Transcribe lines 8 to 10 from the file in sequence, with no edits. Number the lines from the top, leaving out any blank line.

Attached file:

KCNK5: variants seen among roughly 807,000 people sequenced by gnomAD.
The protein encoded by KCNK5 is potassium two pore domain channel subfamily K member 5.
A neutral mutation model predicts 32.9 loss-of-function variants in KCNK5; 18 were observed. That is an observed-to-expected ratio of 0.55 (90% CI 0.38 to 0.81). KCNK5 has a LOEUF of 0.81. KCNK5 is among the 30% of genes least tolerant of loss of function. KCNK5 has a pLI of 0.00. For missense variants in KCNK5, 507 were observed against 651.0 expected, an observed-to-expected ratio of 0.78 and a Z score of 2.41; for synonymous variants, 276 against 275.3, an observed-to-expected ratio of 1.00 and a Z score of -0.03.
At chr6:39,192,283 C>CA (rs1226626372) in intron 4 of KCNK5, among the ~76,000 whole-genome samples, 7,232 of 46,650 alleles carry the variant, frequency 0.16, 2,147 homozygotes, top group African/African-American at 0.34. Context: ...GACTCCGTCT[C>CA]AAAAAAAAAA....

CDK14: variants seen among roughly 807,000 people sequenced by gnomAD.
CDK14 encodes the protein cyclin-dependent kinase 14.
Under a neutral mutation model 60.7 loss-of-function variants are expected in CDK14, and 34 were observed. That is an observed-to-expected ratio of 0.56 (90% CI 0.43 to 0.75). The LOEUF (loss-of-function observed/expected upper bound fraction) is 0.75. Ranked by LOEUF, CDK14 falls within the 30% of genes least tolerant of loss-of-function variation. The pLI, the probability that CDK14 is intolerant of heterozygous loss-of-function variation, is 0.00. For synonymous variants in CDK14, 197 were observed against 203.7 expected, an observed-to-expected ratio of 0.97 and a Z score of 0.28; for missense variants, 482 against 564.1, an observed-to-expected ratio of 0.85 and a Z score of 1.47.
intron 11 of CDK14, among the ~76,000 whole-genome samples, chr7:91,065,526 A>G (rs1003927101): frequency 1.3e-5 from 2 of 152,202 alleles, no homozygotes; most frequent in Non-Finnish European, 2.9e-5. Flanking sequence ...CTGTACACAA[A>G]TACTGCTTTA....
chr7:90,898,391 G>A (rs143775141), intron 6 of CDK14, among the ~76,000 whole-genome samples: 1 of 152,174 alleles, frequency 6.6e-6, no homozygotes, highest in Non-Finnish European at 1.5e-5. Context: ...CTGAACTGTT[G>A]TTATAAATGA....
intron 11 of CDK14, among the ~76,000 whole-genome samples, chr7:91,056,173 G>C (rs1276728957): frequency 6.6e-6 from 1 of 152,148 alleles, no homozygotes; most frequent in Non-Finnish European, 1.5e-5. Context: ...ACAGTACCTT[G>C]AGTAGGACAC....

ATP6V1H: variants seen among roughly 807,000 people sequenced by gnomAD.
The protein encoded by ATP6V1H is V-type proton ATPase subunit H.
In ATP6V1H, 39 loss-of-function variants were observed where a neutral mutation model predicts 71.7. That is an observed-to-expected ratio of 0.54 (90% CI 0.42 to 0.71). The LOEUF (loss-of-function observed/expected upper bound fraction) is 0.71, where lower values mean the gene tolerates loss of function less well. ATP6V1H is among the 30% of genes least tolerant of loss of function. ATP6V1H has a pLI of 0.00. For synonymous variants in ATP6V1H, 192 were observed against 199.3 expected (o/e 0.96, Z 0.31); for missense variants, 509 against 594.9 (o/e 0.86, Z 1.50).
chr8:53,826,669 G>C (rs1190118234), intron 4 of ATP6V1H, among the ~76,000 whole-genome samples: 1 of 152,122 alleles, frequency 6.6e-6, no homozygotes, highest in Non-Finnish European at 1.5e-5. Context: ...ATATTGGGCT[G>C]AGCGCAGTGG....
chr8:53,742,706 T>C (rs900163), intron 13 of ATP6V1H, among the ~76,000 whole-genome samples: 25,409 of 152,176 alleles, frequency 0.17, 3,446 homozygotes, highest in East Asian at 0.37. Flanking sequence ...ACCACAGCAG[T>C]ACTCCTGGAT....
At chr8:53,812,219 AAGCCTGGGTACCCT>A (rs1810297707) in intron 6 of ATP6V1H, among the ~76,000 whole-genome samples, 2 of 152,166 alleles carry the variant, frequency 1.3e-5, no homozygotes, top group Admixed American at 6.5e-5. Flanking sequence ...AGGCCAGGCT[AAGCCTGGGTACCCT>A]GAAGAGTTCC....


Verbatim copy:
intron 11 of CDK14, among the ~76,000 whole-genome samples, chr7:91,065,526 A>G (rs1003927101): frequency 1.3e-5 from 2 of 152,202 alleles, no homozygotes; most frequent in Non-Finnish European, 2.9e-5. Flanking sequence ...CTGTACACAA[A>G]TACTGCTTTA....
chr7:90,898,391 G>A (rs143775141), intron 6 of CDK14, among the ~76,000 whole-genome samples: 1 of 152,174 alleles, frequency 6.6e-6, no homozygotes, highest in Non-Finnish European at 1.5e-5. Context: ...CTGAACTGTT[G>A]TTATAAATGA....
intron 11 of CDK14, among the ~76,000 whole-genome samples, chr7:91,056,173 G>C (rs1276728957): frequency 6.6e-6 from 1 of 152,148 alleles, no homozygotes; most frequent in Non-Finnish European, 1.5e-5. Context: ...ACAGTACCTT[G>C]AGTAGGACAC....